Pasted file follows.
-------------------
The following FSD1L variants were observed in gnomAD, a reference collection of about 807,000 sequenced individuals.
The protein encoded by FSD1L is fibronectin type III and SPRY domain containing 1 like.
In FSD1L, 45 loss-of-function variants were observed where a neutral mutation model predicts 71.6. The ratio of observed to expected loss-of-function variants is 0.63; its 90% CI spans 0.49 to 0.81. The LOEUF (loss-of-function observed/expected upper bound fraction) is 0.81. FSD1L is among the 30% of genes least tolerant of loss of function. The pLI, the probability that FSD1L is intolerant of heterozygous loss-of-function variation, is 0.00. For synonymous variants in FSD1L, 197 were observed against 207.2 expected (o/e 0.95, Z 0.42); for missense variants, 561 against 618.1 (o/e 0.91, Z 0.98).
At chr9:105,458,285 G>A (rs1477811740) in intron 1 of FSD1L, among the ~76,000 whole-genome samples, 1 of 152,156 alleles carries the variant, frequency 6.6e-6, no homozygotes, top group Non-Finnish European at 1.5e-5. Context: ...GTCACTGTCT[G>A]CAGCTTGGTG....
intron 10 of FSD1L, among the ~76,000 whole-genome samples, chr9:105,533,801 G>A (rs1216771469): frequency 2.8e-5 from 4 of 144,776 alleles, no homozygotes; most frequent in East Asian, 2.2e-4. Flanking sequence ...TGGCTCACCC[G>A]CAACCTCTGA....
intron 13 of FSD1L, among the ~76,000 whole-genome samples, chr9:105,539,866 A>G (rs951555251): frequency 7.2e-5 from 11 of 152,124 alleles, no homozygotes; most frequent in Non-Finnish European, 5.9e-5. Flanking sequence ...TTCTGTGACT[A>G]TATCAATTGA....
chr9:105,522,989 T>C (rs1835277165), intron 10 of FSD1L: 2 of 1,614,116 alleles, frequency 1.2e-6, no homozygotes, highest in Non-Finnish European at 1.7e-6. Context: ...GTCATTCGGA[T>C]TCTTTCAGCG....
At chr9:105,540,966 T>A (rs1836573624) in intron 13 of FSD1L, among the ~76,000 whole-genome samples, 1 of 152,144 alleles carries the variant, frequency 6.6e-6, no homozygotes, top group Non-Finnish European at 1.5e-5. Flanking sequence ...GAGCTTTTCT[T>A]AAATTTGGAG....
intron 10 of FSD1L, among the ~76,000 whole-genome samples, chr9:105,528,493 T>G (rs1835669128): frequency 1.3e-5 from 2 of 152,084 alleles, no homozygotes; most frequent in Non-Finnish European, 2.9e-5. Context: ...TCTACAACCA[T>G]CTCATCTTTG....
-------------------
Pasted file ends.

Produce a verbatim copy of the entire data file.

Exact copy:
The following FSD1L variants were observed in gnomAD, a reference collection of about 807,000 sequenced individuals.
The protein encoded by FSD1L is fibronectin type III and SPRY domain containing 1 like.
In FSD1L, 45 loss-of-function variants were observed where a neutral mutation model predicts 71.6. The ratio of observed to expected loss-of-function variants is 0.63; its 90% CI spans 0.49 to 0.81. The LOEUF (loss-of-function observed/expected upper bound fraction) is 0.81. FSD1L is among the 30% of genes least tolerant of loss of function. The pLI, the probability that FSD1L is intolerant of heterozygous loss-of-function variation, is 0.00. For synonymous variants in FSD1L, 197 were observed against 207.2 expected (o/e 0.95, Z 0.42); for missense variants, 561 against 618.1 (o/e 0.91, Z 0.98).
At chr9:105,458,285 G>A (rs1477811740) in intron 1 of FSD1L, among the ~76,000 whole-genome samples, 1 of 152,156 alleles carries the variant, frequency 6.6e-6, no homozygotes, top group Non-Finnish European at 1.5e-5. Context: ...GTCACTGTCT[G>A]CAGCTTGGTG....
intron 10 of FSD1L, among the ~76,000 whole-genome samples, chr9:105,533,801 G>A (rs1216771469): frequency 2.8e-5 from 4 of 144,776 alleles, no homozygotes; most frequent in East Asian, 2.2e-4. Flanking sequence ...TGGCTCACCC[G>A]CAACCTCTGA....
intron 13 of FSD1L, among the ~76,000 whole-genome samples, chr9:105,539,866 A>G (rs951555251): frequency 7.2e-5 from 11 of 152,124 alleles, no homozygotes; most frequent in Non-Finnish European, 5.9e-5. Flanking sequence ...TTCTGTGACT[A>G]TATCAATTGA....
chr9:105,522,989 T>C (rs1835277165), intron 10 of FSD1L: 2 of 1,614,116 alleles, frequency 1.2e-6, no homozygotes, highest in Non-Finnish European at 1.7e-6. Context: ...GTCATTCGGA[T>C]TCTTTCAGCG....
At chr9:105,540,966 T>A (rs1836573624) in intron 13 of FSD1L, among the ~76,000 whole-genome samples, 1 of 152,144 alleles carries the variant, frequency 6.6e-6, no homozygotes, top group Non-Finnish European at 1.5e-5. Flanking sequence ...GAGCTTTTCT[T>A]AAATTTGGAG....
intron 10 of FSD1L, among the ~76,000 whole-genome samples, chr9:105,528,493 T>G (rs1835669128): frequency 1.3e-5 from 2 of 152,084 alleles, no homozygotes; most frequent in Non-Finnish European, 2.9e-5. Context: ...TCTACAACCA[T>G]CTCATCTTTG....